Posted by Jasper Klidenengro on
The last six cases of covid were without symptoms and had only been identified by testing. Only a small percentage of islanders have actually been tested. Statistically speaking, that probably means that there are still many islanders without symptoms, but still carrying the disease around. They are not a danger to themselves, but they could kill any vulnerable islanders to whom they pass on the disease. Is it not lunacy, bordering on the criminal, to pretend that Jersey is covid-free? Why do the States not want the people of Jersey to be safe? Why have the States not tested everyone on the island before lulling us into this (false) sense of security? In the end, we have only ourselves to blame, we elected them!
Posted by Keith Marsh on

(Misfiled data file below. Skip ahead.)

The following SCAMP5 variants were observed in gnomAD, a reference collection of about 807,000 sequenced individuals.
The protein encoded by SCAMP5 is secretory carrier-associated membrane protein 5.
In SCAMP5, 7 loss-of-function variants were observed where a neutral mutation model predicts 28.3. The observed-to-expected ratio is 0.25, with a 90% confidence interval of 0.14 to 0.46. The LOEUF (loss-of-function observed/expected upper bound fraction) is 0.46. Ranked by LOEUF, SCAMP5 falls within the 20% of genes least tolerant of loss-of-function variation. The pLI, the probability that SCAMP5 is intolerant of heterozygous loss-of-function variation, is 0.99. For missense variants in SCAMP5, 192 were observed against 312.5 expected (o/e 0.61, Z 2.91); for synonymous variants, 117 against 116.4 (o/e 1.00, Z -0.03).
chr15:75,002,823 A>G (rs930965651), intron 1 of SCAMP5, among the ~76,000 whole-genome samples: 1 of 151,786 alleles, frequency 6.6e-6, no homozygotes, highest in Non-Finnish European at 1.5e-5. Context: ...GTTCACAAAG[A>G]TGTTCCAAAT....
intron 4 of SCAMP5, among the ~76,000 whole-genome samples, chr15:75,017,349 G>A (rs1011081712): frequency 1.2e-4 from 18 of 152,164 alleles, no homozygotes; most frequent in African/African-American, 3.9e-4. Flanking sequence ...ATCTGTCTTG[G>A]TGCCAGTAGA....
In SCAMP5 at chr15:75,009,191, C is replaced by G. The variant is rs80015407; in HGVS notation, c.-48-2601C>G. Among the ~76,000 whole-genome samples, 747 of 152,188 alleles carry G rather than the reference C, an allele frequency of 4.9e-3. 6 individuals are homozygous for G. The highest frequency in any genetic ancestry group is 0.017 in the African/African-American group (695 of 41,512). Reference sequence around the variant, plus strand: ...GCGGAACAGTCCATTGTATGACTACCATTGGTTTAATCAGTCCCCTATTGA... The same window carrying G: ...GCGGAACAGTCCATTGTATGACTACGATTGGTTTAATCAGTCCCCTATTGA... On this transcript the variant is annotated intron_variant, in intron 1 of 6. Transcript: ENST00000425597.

It was going to happen after the First Minister did his press conference WELL BEFORE he asked The States to debate the issue. WRONG WAY AROUND. ... Its true Jersey does have to open up, but as usual it has not used its brain first. (1) There should have been a "Blacklist" of countries, from where its people would NOT be let in.... yes, they would be returned (2) There should have been a hotel, where ALL visitors would be housed prior to getting a negative test result. (3) There should have been a system of re-test after day4 and day7 and if any test proved positive, they would be told (not asked) to self isolate. But as usual, its the Jersey way .... Money first ..... people second.